IBM would be a more likely candidate for sharing a machine/platform than HP, since IBM has a history of working with Apple on machines already.

    The death of Windows for PPC and the clones killed the momentum in the platform at IBM (they got stuck with 604e in their multi-CPU PowerPC workstation), and the PPC970 is a decent choice for goosing their workstations back to life.

    But right now IBM really has a hardon for the blades, and even Motorola has adopted the PPC970 blades in their next generation backplane.
     
  6. Brother Michael macrumors 6502a

    Brother Michael

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    #6
    STOP STOP STOP!!!!!! x86 VERSIONS OF OS X WILL NEVER HAPPEN!!!!!

    Mike
     
  7. stoid macrumors 601

    stoid

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    #7
    And the question is... why not?


    Well, Billy, I'm glad you asked!



    See, Apple is all about integration. They produce each component from start to finish so they know that everything will work with everything. If Apple brings another manufacturer into the loop, they loose that tight knit integration. One big thing that Apple has on MS is that they don't have the same driver issues for the end user to wade through. If Mac OS X started working on x86 Apple would have to support hundreds or thousands of new configurations. Furthermore, even though it's being proved more and more now that Apple computers are not more expensive than WinTel boxes, Apple doesn't make cheap computers, and so when 'the masses' see that they can use a superior OS on their bargain box, all companies that make quality hardware lose.
     
  8. Abstract macrumors Penryn

    Abstract

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    #8
    So Apple is going to design the machines, continue developing the Apple iApps and other brilliant things, and continue their industrial design superiority over all others, and then they're going to let HP sell it as an HP product? Even if Apple gets a very sizable chunk of the (apple) pie from every HP-Mac sold, HP should still be forced to put in some of the money used by Apple to design the product lines they'd share. HP would actually be spending less on R&D in this case....they'd be what Disney is to Pixar -- piggybacking leeches.

    Apple is about to soar anyway. Developing something that people want is the difficult part. Selling something that people want is much easier, even if HP has better distribution channels. If HP isn't going to contribute to product development, then sorry, Apple is getting the shyte end of the stick. I don't like moochers.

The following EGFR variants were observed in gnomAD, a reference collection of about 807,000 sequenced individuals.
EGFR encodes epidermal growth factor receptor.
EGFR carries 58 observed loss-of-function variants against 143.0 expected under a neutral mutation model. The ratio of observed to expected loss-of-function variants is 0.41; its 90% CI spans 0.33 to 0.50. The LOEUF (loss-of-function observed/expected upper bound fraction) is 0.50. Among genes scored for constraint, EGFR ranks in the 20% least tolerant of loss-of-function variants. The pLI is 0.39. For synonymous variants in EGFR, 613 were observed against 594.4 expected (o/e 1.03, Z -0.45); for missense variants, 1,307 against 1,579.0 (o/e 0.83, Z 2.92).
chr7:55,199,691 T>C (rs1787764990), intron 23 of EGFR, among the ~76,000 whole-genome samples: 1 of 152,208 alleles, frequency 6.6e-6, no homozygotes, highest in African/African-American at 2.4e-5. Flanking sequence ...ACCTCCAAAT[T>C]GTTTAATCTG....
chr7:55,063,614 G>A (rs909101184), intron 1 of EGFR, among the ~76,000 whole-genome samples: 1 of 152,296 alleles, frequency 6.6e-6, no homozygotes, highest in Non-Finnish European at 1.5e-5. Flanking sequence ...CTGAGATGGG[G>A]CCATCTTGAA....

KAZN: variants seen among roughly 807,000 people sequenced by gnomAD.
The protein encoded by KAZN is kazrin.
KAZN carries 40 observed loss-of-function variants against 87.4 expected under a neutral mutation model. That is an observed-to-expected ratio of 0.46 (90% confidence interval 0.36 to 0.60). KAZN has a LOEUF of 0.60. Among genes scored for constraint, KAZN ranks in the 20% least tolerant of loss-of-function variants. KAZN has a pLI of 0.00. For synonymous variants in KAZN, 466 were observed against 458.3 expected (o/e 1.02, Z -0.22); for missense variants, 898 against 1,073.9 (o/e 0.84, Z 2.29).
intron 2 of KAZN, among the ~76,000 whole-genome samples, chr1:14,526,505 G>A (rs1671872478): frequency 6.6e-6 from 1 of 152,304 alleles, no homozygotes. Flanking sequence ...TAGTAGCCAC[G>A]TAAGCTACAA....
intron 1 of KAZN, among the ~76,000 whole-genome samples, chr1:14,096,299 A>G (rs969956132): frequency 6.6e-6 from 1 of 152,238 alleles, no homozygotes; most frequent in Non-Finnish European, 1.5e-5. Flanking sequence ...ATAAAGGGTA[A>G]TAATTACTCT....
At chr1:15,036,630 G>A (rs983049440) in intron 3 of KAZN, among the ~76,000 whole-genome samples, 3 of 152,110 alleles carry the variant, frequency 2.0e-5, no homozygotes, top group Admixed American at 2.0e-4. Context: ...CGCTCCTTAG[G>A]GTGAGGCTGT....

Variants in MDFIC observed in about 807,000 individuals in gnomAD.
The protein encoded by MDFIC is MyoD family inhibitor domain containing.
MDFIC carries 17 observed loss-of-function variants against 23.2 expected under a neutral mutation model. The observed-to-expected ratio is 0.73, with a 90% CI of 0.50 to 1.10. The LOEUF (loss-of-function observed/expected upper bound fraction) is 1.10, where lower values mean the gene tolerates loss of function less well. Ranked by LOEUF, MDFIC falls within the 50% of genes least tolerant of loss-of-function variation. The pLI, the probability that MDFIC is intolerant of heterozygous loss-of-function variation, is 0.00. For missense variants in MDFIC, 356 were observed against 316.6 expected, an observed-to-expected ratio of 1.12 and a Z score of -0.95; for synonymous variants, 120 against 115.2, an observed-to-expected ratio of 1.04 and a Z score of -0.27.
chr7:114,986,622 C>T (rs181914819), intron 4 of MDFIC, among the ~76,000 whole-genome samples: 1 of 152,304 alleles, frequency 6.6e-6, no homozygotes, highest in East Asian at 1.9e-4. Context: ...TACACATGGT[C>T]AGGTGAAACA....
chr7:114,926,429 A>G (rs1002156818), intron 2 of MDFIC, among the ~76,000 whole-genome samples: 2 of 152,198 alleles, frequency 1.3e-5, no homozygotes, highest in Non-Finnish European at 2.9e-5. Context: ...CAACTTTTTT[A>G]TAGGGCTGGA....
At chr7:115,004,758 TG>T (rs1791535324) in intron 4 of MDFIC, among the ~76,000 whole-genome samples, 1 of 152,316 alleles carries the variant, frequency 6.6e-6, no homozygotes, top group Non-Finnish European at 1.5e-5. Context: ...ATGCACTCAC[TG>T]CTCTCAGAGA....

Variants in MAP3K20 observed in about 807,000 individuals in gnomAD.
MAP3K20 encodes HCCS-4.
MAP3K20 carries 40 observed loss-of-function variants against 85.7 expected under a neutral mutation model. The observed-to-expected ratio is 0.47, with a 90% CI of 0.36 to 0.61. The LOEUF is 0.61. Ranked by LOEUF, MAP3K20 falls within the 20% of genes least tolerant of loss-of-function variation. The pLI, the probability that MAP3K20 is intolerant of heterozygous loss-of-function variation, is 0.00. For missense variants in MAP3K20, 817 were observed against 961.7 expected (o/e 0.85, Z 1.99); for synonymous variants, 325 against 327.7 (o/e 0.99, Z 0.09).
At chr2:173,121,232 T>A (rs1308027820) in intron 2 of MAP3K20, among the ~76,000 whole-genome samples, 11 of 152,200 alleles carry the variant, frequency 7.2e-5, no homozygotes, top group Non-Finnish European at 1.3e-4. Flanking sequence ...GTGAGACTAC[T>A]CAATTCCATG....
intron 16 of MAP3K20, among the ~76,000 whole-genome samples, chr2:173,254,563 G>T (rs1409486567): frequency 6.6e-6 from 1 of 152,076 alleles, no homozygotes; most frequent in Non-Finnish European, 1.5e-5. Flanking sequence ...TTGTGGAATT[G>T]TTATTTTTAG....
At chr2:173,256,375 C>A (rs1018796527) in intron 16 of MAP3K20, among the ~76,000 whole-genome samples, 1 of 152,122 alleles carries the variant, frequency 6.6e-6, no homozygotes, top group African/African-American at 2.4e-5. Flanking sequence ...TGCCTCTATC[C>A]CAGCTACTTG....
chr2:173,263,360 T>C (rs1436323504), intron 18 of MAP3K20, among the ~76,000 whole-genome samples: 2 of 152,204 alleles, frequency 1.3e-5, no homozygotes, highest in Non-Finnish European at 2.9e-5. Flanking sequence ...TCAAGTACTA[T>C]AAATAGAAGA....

Ivana Trump. D12. Puerto Rico. Disney. And now Hewlett Packard.
     
  9. rainman::|:| macrumors 603

    rainman::|:|

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    #9
    I think we all know clones aren't going to happen in the near future, but this question wasn't about clones-- it was about HP branded Apple hardware, just like the iPod. HP doesn't make the damn things-- they just sell them, adding their logo in the process. So would Apple let HP brand the G5 PowerMac and distribute them? While I'm not sure it would be a bad idea, I don't think Apple would give up any prestige of their flagship pro model-- If there was a decent G5 laptop right now, I don't think it would be that big of a deal. Plus, the concept of rebranding (HP +Apple) confuses people, which Apple tries hard to avoid usually... On the iPod it can be a little more flexible, since they have so much exposure...

    paul
     
  10. Blue Velvet Moderator emeritus

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    #10
    That's some list.
    It took me a few seconds to get your drift but she who laughs last...
    :)
     
  11. thatwendigo macrumors 6502a

    thatwendigo

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    #11
    What would need to be done to make it a good thing for Apple? Well, that's simple enough.

    It should never, ever happen again. The cloners were one of the worst things to ever happen to our favorite computer company, and were probably the closest thing to outright death and dismemberment that ever faces the company. When you lose 34% of your profit but don't grow the overall marketshare at all, and you rely on hardware for some 80-90% of your revenues... That's a bad thing.